I thought there was nothing a child could throw at me that I couldn’t take, if there is a mum that can probably take on anyone with combat training it’d be me. Oh yeah, I reckon I’m a hardcore mum. Crap on the carpet and vomit on the wall, plus dinner to get on the table and all at the same time, oh yeah I got this – totally all over it.
But then there was Charlie.
Our youngest is beginning to exhibit behaviour that leaves us wondering, if not somewhat nervous (and hiding the matches). We thought we’d seen it all, after all Henry did once blow up our kitchen.
Charlie is adorable. Clearly this is all part of his cover. The signs were there, I just didn’t pay attention…
Take last summers holiday for instance, I had decided in my wisdom to take the six kids over the coast on my own (because I’m totally a combat mummy right?) the Hubster was going to come later when he was on days off. We arrive at the holiday house and Austin (the town crier) let the neighbourhood know he wanted a drink, I was about to remind him how to ask politely when I heard Charlie tell him “Don’t worry Austin I’ll get you a drink”. I wondered how Charlie would get it, since he is too little to reach a tap yet. So I decided to check. There he was cup in hand, his little willy in the other peeing in the cup and about to hand it too his brother to drink. HOW DID HE EVEN THINK OF THAT?! (I’m fairly sure we haven’t let him watch any Bear Grylls).
Part of me nearly didn’t stop him, and I hear you judging, but come on you can’t tell me isn’t there just a little part of you that is thinking it would be SO funny if he actually took a sip. I fought off the temptation to laugh my arse off at my child’s expense, and stopped the drink being handed over.
I now regard anything given to me by the small one with suspicion and a good sniff.
Little brothers, evil incarnate. They’ve sat and watched their elder siblings, and while they were still figuring stuff out and getting in trouble, little brothers are taking notice working out the loop holes.
And then there is Charlie… you never know when he’ll strike either. I took him to the loo at the shops recently, and on this day I had chosen to wear a skirt, a mistake I won’t make again.
Sharing a public toilet cubicle with a small child is always a bit interesting at the best of times, Mummy are you doing poos?! (He sticks head under the gap to look at your neighbour) Are they doing poos? Or they open the door while your pants are halfway down, being the helpful little people that they are.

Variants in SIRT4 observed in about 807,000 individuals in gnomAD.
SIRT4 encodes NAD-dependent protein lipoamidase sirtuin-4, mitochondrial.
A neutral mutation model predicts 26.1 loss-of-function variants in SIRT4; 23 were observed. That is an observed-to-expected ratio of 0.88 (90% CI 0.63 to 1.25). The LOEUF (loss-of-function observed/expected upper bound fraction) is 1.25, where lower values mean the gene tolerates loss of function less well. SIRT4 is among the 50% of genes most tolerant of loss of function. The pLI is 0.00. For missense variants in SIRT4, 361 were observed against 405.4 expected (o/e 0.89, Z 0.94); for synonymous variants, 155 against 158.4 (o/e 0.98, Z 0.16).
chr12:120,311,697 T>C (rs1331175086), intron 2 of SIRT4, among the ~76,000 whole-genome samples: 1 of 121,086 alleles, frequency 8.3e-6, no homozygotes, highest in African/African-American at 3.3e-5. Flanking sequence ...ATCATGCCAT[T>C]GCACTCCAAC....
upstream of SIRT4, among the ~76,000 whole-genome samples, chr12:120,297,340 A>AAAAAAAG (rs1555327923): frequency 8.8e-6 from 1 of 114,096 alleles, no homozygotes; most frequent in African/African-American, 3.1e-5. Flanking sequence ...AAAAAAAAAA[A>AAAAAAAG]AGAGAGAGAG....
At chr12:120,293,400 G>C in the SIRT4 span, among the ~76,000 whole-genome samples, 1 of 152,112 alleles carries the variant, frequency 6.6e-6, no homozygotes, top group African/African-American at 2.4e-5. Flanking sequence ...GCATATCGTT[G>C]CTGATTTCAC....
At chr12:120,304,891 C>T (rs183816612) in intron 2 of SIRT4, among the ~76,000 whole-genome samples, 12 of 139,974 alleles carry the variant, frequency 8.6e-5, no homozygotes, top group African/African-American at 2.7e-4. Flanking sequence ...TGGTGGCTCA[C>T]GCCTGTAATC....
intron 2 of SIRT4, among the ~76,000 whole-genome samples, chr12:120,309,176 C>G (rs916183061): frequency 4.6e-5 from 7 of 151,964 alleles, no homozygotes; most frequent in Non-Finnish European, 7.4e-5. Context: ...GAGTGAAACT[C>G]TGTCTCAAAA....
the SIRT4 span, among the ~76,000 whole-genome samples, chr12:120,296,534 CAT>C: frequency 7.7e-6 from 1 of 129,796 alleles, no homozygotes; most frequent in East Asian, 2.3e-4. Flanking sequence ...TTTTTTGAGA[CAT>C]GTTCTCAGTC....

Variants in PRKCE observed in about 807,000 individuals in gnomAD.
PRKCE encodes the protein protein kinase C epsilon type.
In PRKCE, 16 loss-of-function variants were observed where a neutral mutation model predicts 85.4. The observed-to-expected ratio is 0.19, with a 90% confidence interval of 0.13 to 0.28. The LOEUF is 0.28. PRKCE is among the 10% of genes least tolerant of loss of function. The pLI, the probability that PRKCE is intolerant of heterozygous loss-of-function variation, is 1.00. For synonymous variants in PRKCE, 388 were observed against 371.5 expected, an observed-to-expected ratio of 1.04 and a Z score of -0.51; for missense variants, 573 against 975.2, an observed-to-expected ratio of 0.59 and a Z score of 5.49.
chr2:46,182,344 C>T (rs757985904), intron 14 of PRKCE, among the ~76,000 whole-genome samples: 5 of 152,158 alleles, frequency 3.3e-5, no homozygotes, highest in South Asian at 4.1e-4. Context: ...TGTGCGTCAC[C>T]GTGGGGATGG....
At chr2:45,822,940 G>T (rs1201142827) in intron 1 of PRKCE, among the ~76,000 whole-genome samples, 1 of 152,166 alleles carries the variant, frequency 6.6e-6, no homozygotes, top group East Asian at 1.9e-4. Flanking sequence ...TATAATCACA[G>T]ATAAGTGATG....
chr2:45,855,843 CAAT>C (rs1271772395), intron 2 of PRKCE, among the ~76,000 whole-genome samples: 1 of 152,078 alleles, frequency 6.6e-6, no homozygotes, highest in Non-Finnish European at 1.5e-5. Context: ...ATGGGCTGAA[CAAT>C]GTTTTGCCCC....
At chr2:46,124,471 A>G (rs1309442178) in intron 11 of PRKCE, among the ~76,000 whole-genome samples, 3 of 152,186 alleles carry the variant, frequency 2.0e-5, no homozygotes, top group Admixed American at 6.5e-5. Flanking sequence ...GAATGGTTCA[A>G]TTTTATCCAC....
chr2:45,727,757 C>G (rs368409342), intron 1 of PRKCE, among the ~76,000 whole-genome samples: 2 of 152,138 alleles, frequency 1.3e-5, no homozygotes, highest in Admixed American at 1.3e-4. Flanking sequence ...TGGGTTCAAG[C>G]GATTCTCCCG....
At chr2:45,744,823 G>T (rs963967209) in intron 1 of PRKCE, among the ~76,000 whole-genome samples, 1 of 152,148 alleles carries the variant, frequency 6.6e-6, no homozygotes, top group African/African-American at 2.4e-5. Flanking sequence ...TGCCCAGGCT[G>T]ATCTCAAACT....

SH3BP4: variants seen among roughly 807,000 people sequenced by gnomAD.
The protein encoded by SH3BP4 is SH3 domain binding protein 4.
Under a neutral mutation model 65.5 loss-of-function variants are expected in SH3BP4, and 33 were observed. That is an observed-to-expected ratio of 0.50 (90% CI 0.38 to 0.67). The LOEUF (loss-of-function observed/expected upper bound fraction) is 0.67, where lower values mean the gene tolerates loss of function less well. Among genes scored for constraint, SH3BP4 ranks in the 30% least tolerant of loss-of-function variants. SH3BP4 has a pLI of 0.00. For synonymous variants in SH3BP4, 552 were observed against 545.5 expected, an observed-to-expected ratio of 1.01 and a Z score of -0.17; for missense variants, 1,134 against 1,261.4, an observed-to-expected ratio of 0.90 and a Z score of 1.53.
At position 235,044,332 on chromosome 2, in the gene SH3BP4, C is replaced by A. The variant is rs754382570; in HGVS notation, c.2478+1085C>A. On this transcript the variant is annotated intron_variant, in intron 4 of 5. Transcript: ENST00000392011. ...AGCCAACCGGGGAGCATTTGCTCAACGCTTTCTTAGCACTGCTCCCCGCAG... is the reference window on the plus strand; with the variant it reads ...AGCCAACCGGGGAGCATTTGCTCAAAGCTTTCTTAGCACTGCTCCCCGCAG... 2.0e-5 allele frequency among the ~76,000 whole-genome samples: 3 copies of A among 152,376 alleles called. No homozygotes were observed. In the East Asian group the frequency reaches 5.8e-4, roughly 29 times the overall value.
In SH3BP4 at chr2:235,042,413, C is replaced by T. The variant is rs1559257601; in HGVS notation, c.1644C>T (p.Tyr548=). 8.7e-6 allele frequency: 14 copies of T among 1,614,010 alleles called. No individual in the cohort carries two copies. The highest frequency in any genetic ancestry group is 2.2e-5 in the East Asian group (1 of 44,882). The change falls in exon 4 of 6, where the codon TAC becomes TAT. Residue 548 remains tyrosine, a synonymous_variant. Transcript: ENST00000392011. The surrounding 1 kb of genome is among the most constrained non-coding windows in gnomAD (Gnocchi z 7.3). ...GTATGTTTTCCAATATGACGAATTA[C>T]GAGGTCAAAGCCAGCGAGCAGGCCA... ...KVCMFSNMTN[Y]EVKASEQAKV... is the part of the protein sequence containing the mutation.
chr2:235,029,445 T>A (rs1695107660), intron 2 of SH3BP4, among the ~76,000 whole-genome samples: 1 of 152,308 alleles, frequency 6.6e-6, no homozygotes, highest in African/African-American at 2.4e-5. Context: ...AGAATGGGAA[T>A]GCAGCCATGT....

On this day Charlie had done his thing and then I needed to do mine, and while he observed the proceedings he noticed I was wearing a skirt. Clearly in his mind this observation had to be made in the form of a public announcement “Mummy you ain’t got no pants on!” I hear a stifled giggle in the cubicle next to me and I explain loud enough so I could be heard by my neighbour “No honey, mummy has a skirt on and here are my pants SEE?!” Nope, not good enough for him “No, you ain’t got no pants on!” As I try to convince him otherwise, people in the toilets are just laughing out loud now, and I realise that at some point I’m going to have to go out there and face women who think I’ve gone shopping sans panties. Maybe I’m more of a commando mum than I thought?
So I wait until I think everyone is gone (“What are you doing mummy? Can we go now? What’s in that bin? Can I play with it?”) and sneak out, but oh no there had to be someone still at the sink. She laughed and said how funny little boys are, but I could tell she was checking me out for visible panty lines. I drag the boy out to his father who was waiting near the food court, and there was a brief lull in which Charlie decided was the best moment to tell his father “Mummy ain’t got no pants on!” Fifty heads turned simultaneously and looked at me (agog, food halfway to their faces), all of them clearly wondering if I had indeed gone shopping without pants. To which the Hubster responded, with a glimmer of surprise/hope in his eyes “Really?” Yeah sure Hun we’re how old now?!
It seems I have a challenge before me.